In his message Nyomi says, “I am sure you too have been stunned by the news of the devastating earthquake in Haiti that we woke up to yesterday.  Haiti has been through so much and our hearts bleed to see them go through yet another major crisis with such a heavy loss of life and so much destruction.” 
The hymn lyrics are reproduced here below:

In Haiti, There is Anguish
ST. CHRISTOPHER (“Beneath the Cross of Jesus”)

In Haiti, there is anguish that seems too much to bear;
A land so used to sorrow now knows even more despair.
From city streets, the cries of grief rise up to hills above;
In all the sorrow, pain and death, where are you, God of love?

A woman sifts through rubble, a man has lost his home,
A hungry, orphaned toddler sobs, for she is now alone.
Where are you, Lord, when thousands die—the rich, the poorest poor?
Were you the very first to cry for all that is no more?

O God, you love your children; you hear each lifted prayer!
May all who suffer in that land know you are present there.
In moments of compassion shown, in simple acts of grace,
May those in pain find healing balm, and know your love’s embrace.

Where are you in the anguish?   Lord, may we hear anew
That anywhere your world cries out, you’re there-- and suffering, too.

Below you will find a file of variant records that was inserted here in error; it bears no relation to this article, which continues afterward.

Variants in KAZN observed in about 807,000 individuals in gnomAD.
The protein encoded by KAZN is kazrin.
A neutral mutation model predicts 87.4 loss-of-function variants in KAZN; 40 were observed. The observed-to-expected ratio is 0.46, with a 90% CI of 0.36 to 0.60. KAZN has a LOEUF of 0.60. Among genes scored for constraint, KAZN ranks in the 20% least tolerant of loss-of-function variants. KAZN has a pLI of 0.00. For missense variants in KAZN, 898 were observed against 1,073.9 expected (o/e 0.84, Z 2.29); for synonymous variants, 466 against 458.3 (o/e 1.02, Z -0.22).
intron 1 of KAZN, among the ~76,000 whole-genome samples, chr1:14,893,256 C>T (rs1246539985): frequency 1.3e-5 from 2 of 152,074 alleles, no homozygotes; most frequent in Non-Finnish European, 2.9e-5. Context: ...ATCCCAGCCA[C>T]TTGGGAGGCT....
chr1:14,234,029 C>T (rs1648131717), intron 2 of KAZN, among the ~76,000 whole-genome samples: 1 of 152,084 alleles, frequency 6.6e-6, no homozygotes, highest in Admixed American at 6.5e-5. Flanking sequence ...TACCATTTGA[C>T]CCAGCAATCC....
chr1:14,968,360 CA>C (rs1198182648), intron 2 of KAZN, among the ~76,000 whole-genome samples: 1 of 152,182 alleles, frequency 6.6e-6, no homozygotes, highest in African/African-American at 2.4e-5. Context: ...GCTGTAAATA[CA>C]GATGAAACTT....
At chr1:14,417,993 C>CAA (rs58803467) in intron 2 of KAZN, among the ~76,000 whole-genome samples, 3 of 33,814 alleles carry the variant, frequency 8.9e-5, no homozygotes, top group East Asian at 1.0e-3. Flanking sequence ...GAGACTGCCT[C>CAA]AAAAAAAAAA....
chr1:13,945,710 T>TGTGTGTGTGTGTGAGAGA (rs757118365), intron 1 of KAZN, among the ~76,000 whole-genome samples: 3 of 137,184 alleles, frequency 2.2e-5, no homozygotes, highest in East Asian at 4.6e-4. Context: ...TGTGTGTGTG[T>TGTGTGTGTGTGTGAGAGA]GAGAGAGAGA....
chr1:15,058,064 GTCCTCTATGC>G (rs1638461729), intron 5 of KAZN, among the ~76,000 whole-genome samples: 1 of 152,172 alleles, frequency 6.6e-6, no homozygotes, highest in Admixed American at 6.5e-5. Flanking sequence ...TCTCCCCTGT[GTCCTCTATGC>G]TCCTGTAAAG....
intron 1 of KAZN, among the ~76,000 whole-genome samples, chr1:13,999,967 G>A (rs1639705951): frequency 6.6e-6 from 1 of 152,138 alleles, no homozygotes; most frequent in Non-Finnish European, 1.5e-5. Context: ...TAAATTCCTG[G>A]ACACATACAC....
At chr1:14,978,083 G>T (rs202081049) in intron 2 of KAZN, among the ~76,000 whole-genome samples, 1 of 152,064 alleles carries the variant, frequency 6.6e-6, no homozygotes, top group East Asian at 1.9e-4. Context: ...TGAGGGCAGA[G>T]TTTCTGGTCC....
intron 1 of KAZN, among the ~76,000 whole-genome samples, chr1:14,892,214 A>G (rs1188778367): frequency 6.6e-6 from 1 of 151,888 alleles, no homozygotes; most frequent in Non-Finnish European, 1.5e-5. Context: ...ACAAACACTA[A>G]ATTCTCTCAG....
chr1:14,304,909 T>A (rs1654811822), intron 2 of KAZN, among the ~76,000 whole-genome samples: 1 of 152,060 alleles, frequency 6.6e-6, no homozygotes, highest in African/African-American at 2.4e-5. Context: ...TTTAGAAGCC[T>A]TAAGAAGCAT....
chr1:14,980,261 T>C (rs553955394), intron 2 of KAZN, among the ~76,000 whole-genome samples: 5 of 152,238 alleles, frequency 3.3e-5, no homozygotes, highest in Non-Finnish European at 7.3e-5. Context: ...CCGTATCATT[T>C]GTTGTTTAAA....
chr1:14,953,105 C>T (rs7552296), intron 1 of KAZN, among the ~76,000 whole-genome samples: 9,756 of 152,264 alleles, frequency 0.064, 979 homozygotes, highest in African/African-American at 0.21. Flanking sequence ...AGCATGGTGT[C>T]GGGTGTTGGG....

And may we see, in others’ pain, the cross we’re called to bear;
Send out your church in Jesus’ name to pray, to serve, to share.

Tune:  Frederick Charles Maker, 1881
Text:  Text: Copyright © 2010 by Carolyn Winfrey Gillette.  All rights reserved.  Permission is given for use by those who support Presbyterian Disaster Assistance.


  1. I'm sorry about your fissure, Nick. Just another thing to plague you...

    As for Haiti, what a terrible tragedy. Those poor bewildered souls. My heart bleeds for them.

  2. Please take good care of your heel. There is a gadget that is similar to a long handled shoe horn...apply cream to gadget & onto the heel.

  3. Sorry to hear that your foot is giving you much concern, I was going to give you the same advice as Bette.

    If you go to the blogger buzz you will find a button for the appeal in Haiti. Or you could visit me to get it as I have it at the very top of my pages.

    You can find a link to blogger buzz on your dashboard where all the blogs you follow are.

    I do hope your foot gets better soon my dear.
    Much love

  4. I was going to make a rude joke there about cracks... but I won't ...(!)

  5. I was going to say what Bette said. I think they are av and I think they are reasonably priced. Call ahead to ask to save futile trips to many places. I hope you heal quickly, Nick.

    Prayers for the people of Haiti. sigh.

  6. I realize this isn't the ideal solution, but could you put a little salve or petroleum jelly on the floor of the bathtub and kind of smear you foot around in it?

  7. Much healing to you and your fissure, Nick. I know that the fissure in Haiti most likely can't close up or heal, but hopefully, the fissures among people can heal so that we can all work together to create less suffering there and everywhere.